Thumbnail Daisy-chaining retention labels and automated archival

Daisy-chaining retention labels and automated archival

I’ve recently written a series of blog posts on managing and applying retention labels in Microsoft 365 Purview. In this blog post I’m joining swords with Joanne C. Klein on a specific scenario: How to move data that is labelled with a retention label to an archive location after the retention period has ended? Joanne has written the functional side, and I’m adding some technical details. Hope you enjoy it!

Say you have financial documents (or really any type of document). These documents are “archived in place” using a record retention label. Your company has requirements that demand that these documents should not be destroyed after the retention period has ended. Instead they should be transferred to a central archive location, a SharePoint Archive site for example.

What do you do?

There’s several ways this objective can be accomplished.

One way would be to use the Power Automate / Purview integration, which means a flow that triggers after the retention period has ended. This flow could contain business logic to move a document elsewhere. Using the Power Automate integration with Purview does come with some limitations though. And there are some other consequences of Power Automate here. For example that it will run for every file that has been retained. This may result in a significant amount of flow runs, which may not be desirable. And it’s certainly not very efficient. It would be better to achieve the objective using something that can move files in bulk.

Joanne describes a different route in her blog post that offers a lot more efficiency and flexibility. And that is by combining “daisy-chaining” with custom automation. With “daisy-chaining” she’s referring to the practice to let Purview automatically change the retention label of a document after the retention period has ended. Relabeled files can then be found using the SharePoint or Microsoft Graph Search API’s and moved to their new home: for example an archive site.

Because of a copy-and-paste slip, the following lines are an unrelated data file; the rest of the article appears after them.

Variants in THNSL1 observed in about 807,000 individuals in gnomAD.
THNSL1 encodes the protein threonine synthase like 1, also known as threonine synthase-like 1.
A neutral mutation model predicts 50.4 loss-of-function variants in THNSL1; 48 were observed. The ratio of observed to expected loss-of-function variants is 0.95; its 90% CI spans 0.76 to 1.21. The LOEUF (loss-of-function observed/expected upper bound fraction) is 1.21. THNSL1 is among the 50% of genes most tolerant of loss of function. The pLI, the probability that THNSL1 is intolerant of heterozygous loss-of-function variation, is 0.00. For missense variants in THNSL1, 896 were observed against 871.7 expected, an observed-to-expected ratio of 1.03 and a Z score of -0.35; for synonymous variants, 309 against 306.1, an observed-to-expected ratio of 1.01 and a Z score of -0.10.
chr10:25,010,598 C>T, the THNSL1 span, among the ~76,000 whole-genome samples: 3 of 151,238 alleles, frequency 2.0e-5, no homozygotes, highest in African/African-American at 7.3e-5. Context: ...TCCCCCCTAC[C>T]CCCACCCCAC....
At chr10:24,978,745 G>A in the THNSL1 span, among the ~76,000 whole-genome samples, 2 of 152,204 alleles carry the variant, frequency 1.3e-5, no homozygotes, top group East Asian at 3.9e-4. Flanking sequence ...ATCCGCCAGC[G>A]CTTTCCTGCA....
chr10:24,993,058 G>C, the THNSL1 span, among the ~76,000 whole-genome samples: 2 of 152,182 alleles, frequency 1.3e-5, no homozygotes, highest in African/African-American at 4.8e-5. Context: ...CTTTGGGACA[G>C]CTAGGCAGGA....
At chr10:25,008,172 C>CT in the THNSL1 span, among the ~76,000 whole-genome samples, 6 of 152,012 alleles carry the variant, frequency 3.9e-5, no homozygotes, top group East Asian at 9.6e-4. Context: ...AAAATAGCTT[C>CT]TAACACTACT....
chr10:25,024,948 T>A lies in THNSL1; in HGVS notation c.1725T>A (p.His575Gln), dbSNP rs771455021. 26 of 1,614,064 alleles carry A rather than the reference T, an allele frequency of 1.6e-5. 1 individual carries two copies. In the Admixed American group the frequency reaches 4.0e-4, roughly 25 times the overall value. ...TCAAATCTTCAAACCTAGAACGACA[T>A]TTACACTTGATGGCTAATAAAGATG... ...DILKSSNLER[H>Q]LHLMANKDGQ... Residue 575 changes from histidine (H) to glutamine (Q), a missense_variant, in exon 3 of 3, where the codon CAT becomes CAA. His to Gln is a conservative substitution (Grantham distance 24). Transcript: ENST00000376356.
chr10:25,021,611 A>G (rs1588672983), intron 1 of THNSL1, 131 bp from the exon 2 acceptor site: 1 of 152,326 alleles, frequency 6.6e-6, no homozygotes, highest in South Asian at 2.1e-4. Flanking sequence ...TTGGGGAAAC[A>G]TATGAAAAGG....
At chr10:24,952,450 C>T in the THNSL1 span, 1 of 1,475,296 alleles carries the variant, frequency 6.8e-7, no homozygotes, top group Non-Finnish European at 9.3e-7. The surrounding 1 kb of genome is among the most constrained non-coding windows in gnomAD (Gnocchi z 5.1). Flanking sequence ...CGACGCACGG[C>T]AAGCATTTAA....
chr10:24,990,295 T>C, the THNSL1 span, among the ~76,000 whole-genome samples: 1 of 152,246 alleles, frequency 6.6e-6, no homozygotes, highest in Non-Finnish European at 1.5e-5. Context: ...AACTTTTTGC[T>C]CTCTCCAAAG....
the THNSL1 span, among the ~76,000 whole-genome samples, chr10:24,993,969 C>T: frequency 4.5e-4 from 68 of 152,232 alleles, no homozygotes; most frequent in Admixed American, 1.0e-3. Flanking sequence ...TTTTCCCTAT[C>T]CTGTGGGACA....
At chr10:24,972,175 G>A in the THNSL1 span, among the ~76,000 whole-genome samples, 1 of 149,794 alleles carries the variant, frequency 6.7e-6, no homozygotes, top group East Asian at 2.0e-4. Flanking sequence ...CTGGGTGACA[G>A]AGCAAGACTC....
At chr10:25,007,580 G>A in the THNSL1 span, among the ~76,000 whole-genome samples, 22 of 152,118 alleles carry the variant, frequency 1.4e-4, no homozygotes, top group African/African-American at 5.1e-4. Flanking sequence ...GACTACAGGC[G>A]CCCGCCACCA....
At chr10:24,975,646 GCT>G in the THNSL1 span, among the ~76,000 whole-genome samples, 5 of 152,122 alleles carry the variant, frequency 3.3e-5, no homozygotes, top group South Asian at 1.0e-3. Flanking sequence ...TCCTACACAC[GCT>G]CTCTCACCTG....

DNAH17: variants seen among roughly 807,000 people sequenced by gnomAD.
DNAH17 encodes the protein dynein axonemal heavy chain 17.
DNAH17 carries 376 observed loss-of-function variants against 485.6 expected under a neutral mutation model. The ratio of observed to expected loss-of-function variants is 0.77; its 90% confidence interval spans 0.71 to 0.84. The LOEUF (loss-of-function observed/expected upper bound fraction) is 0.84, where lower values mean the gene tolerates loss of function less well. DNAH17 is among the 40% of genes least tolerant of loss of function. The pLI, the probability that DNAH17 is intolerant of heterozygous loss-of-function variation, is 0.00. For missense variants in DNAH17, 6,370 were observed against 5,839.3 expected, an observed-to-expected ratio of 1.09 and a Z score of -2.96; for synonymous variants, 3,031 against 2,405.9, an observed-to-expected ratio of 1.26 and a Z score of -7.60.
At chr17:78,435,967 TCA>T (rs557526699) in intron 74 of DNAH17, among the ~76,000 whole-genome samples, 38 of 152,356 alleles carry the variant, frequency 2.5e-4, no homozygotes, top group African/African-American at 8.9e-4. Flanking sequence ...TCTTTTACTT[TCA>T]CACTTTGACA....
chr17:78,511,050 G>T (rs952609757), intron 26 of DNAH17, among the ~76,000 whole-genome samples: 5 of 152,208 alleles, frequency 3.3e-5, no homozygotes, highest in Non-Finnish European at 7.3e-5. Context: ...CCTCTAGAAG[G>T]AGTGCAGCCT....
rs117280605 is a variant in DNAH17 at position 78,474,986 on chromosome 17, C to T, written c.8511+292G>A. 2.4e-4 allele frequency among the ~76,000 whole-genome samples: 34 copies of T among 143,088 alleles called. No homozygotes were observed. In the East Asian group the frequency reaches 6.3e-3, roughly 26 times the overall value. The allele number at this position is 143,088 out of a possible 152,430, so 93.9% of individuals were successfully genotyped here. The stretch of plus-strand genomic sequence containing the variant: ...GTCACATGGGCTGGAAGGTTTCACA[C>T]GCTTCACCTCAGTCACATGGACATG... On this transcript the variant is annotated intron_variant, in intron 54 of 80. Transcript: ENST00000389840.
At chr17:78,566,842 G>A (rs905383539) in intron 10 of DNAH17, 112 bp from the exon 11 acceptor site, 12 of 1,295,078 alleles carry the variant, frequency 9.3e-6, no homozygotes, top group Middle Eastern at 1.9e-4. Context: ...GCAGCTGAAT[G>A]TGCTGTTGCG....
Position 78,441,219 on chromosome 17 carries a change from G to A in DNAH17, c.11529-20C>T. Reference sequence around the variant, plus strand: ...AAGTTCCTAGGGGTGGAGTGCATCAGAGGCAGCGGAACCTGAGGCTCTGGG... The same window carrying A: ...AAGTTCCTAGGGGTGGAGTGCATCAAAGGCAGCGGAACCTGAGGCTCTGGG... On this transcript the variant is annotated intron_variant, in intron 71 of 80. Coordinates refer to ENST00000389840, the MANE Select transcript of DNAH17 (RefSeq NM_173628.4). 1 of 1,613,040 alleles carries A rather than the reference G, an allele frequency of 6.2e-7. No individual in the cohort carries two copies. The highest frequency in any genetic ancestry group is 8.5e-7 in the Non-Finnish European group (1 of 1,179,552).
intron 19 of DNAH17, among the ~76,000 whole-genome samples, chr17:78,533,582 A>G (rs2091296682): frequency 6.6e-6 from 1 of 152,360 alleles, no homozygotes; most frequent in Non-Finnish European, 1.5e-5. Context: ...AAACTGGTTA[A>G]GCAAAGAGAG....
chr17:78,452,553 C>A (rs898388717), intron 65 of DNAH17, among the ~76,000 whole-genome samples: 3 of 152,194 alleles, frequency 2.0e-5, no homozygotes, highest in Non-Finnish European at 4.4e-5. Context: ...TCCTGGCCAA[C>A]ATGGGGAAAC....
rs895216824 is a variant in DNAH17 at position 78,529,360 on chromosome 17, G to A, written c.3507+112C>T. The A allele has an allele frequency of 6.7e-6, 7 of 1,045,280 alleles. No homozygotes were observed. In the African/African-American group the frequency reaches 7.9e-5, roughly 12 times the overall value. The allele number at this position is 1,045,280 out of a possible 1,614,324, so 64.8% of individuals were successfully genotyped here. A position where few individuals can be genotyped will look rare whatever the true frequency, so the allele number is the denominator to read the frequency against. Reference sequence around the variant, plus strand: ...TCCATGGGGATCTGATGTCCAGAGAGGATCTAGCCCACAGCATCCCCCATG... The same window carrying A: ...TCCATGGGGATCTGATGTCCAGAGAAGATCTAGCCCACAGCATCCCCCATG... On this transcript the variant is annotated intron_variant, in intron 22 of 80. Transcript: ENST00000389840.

👉 Read Joannes partner-post for an in depth description. 👈

This way of working is much more efficient, as it will need to run only once in a while and can find and move files by the dozens.

Okay, so how to set this up? For configuring the “daisy-chaining” part within Purview, again: do read Joannes partner-post.

The goal of my post is to show how to build an application that can be scheduled to regularly search for documents on SharePoint that have been relabeled by Purview with a “Send to Archive” retention label. These documents should then be moved to the archive location, which in this case is a SharePoint site.

The most important part of building custom automation is always thinking up what you want to build and why. We can use any route to reach the objective:

  • a PowerShell script on a schedule,
  • a Power Automate Flow on a schedule,
  • a Logic App on a schedule,
  • a fully coded solution in whatever programming language you prefer,
  • etc etc…

Every solution has its pro’s and cons, and every solution will need to be maintained. In the long run it will incur technical debt for your company, which must be factored in. Do not only think about who’s going to build what, but also ask yourself questions like: